To secure the longer term climate integrity, efforts to explore and exploit shale gas also need to be matched by efforts to promote energy savings, reduce coal and accelerate the uptake of renewables.
So shale gas may bring about important benefits but only as part of a package to secure the long term benefits of a transition to a more sustainable energy model in the future.
And for this to happen, the issue of the public acceptance of shale gas extraction needs to be tackled. This is largely a question of making sure that environmental risks can be managed so as to assure the general public that exploitation is safe. We have to recognize that the public opinion does perceive environmental risks from the "fracking" technology. Our American friends have told us this very clearly. People do not believe claims that there are no risks at all. The International Energy Agency in its "Golden Rules" report recognises that unconventional gas generally imposes a larger environmental footprint than conventional gas development.And the US have recently tightened rules that govern shale gas extraction, notably with regard to air emissions, while Canada has also modernised its regulation.
The main challenges that have been pointed to concern notably water use, water pollution, air emissions, and the management of waste water. To reassure the public, all of these risks should be prevented, managed and reduced. As I already said, techniques and good practices exist; important parts of the necessary regulatory framework are in place. But our duty is to ensure that these techniques and practices are effectively used and that the regulatory framework provides adequate and effective safeguards of the environment and human health.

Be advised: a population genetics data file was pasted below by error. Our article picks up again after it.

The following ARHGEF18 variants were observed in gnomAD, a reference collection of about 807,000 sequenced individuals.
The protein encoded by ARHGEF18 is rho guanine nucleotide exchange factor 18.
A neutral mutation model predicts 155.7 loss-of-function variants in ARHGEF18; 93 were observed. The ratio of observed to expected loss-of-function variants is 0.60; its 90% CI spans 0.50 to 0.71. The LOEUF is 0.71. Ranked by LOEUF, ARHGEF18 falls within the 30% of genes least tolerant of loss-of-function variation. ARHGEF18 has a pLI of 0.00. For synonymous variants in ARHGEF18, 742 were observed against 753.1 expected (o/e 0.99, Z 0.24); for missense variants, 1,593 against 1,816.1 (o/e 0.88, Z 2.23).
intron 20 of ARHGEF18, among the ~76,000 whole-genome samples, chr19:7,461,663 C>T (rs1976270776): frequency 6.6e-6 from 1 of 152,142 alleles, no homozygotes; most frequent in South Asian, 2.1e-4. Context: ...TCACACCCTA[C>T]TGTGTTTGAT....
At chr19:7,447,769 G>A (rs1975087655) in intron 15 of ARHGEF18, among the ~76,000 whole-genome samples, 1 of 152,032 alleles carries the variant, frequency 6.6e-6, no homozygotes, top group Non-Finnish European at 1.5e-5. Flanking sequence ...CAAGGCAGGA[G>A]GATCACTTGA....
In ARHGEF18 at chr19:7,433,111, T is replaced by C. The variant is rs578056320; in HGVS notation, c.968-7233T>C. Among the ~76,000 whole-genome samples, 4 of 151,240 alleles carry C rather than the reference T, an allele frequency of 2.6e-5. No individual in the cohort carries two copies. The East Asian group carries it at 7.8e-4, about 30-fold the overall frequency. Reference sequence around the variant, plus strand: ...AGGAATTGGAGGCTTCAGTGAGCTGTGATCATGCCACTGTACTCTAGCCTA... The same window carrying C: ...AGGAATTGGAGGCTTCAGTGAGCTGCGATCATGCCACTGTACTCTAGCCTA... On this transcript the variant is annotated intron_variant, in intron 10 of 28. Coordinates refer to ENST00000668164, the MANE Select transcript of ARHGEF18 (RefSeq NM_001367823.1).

Prospection or exploration licenses have been granted or are in process of being granted in a number of Member States from Poland to the UK, Spain or Hungary. Romania has lifted recently its temporary moratorium. Production is expected as of 2015 in some Member States. At the same time, a number have reviewed or start revisiting their applicable framework, so asto facilitate shale gas production and ensure that specific risks are duly covered.
This is the case for instance of the UK which has introduced specific rules as regard the monitoring of induced seismicity. Several countries have decided or envisage to impose a mandatory Environmental Impact Assessment for both exploration and exploitation activities. Other Member States introduced temporary moratoria or enacted legal bans on the use of hydraulic fracturing.
These various national initiatives that flourish may ultimately lead to a mosaic of different legal frameworks/interpretations. All of this can affect what companies and investors need most, i.e. a level playing field and a clear and predictable framework.